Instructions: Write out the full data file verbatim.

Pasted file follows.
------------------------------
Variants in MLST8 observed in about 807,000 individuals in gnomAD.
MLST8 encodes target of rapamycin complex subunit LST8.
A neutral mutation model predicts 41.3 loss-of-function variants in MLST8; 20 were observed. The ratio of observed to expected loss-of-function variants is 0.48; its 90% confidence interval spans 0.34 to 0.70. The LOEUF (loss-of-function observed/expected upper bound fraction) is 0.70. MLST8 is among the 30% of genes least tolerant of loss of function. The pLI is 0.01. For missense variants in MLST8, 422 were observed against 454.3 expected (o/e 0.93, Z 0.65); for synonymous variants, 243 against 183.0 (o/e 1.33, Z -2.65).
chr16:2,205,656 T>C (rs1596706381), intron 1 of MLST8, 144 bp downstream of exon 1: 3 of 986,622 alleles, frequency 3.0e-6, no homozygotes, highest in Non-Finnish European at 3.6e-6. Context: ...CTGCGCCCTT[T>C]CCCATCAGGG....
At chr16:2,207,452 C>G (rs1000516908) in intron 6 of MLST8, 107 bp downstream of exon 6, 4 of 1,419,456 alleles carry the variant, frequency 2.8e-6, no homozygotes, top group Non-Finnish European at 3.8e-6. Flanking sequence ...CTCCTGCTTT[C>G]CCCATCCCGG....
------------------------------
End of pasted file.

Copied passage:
Variants in MLST8 observed in about 807,000 individuals in gnomAD.
MLST8 encodes target of rapamycin complex subunit LST8.
A neutral mutation model predicts 41.3 loss-of-function variants in MLST8; 20 were observed. The ratio of observed to expected loss-of-function variants is 0.48; its 90% confidence interval spans 0.34 to 0.70. The LOEUF (loss-of-function observed/expected upper bound fraction) is 0.70. MLST8 is among the 30% of genes least tolerant of loss of function. The pLI is 0.01. For missense variants in MLST8, 422 were observed against 454.3 expected (o/e 0.93, Z 0.65); for synonymous variants, 243 against 183.0 (o/e 1.33, Z -2.65).
chr16:2,205,656 T>C (rs1596706381), intron 1 of MLST8, 144 bp downstream of exon 1: 3 of 986,622 alleles, frequency 3.0e-6, no homozygotes, highest in Non-Finnish European at 3.6e-6. Context: ...CTGCGCCCTT[T>C]CCCATCAGGG....
At chr16:2,207,452 C>G (rs1000516908) in intron 6 of MLST8, 107 bp downstream of exon 6, 4 of 1,419,456 alleles carry the variant, frequency 2.8e-6, no homozygotes, top group Non-Finnish European at 3.8e-6. Flanking sequence ...CTCCTGCTTT[C>G]CCCATCCCGG....